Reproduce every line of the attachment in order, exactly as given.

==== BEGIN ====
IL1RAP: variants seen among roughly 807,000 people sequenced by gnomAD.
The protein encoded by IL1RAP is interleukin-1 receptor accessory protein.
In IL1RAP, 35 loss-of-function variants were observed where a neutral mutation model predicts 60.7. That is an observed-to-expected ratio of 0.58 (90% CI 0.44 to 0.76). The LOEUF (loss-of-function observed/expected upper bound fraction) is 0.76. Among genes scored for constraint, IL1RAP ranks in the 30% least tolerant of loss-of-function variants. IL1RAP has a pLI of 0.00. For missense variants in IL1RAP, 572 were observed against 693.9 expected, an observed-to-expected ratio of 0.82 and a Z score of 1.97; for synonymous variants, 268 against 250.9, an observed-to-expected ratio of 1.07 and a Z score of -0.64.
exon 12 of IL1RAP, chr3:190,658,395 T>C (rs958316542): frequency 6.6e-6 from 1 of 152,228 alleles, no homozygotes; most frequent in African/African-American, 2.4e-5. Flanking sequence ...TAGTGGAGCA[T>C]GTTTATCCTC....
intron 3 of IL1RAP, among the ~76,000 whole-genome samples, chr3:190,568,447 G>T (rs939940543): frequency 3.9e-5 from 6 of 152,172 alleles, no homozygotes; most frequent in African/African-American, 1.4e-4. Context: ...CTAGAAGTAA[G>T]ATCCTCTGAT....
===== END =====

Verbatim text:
IL1RAP: variants seen among roughly 807,000 people sequenced by gnomAD.
The protein encoded by IL1RAP is interleukin-1 receptor accessory protein.
In IL1RAP, 35 loss-of-function variants were observed where a neutral mutation model predicts 60.7. That is an observed-to-expected ratio of 0.58 (90% CI 0.44 to 0.76). The LOEUF (loss-of-function observed/expected upper bound fraction) is 0.76. Among genes scored for constraint, IL1RAP ranks in the 30% least tolerant of loss-of-function variants. IL1RAP has a pLI of 0.00. For missense variants in IL1RAP, 572 were observed against 693.9 expected, an observed-to-expected ratio of 0.82 and a Z score of 1.97; for synonymous variants, 268 against 250.9, an observed-to-expected ratio of 1.07 and a Z score of -0.64.
exon 12 of IL1RAP, chr3:190,658,395 T>C (rs958316542): frequency 6.6e-6 from 1 of 152,228 alleles, no homozygotes; most frequent in African/African-American, 2.4e-5. Flanking sequence ...TAGTGGAGCA[T>C]GTTTATCCTC....
intron 3 of IL1RAP, among the ~76,000 whole-genome samples, chr3:190,568,447 G>T (rs939940543): frequency 3.9e-5 from 6 of 152,172 alleles, no homozygotes; most frequent in African/African-American, 1.4e-4. Context: ...CTAGAAGTAA[G>T]ATCCTCTGAT....